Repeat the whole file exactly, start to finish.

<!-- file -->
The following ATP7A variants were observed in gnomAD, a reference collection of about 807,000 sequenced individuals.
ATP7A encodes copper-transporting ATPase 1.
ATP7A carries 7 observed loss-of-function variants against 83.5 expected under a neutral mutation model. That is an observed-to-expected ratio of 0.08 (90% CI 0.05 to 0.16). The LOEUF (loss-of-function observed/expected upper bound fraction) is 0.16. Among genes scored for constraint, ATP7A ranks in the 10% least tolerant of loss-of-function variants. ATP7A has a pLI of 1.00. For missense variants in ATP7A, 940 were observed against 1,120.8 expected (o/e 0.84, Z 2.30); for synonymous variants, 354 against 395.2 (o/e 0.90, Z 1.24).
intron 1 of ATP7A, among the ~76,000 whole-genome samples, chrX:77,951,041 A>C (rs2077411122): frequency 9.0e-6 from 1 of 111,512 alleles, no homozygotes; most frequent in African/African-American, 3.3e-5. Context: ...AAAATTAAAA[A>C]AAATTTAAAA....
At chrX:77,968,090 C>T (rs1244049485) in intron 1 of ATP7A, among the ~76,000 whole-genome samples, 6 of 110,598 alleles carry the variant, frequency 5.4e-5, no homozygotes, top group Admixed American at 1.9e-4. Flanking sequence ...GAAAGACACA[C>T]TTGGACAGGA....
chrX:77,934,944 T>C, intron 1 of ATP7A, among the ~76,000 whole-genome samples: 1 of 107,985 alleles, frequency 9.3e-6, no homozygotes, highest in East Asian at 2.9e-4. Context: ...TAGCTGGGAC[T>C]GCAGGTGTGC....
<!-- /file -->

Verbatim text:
The following ATP7A variants were observed in gnomAD, a reference collection of about 807,000 sequenced individuals.
ATP7A encodes copper-transporting ATPase 1.
ATP7A carries 7 observed loss-of-function variants against 83.5 expected under a neutral mutation model. That is an observed-to-expected ratio of 0.08 (90% CI 0.05 to 0.16). The LOEUF (loss-of-function observed/expected upper bound fraction) is 0.16. Among genes scored for constraint, ATP7A ranks in the 10% least tolerant of loss-of-function variants. ATP7A has a pLI of 1.00. For missense variants in ATP7A, 940 were observed against 1,120.8 expected (o/e 0.84, Z 2.30); for synonymous variants, 354 against 395.2 (o/e 0.90, Z 1.24).
intron 1 of ATP7A, among the ~76,000 whole-genome samples, chrX:77,951,041 A>C (rs2077411122): frequency 9.0e-6 from 1 of 111,512 alleles, no homozygotes; most frequent in African/African-American, 3.3e-5. Context: ...AAAATTAAAA[A>C]AAATTTAAAA....
At chrX:77,968,090 C>T (rs1244049485) in intron 1 of ATP7A, among the ~76,000 whole-genome samples, 6 of 110,598 alleles carry the variant, frequency 5.4e-5, no homozygotes, top group Admixed American at 1.9e-4. Flanking sequence ...GAAAGACACA[C>T]TTGGACAGGA....
chrX:77,934,944 T>C, intron 1 of ATP7A, among the ~76,000 whole-genome samples: 1 of 107,985 alleles, frequency 9.3e-6, no homozygotes, highest in East Asian at 2.9e-4. Context: ...TAGCTGGGAC[T>C]GCAGGTGTGC....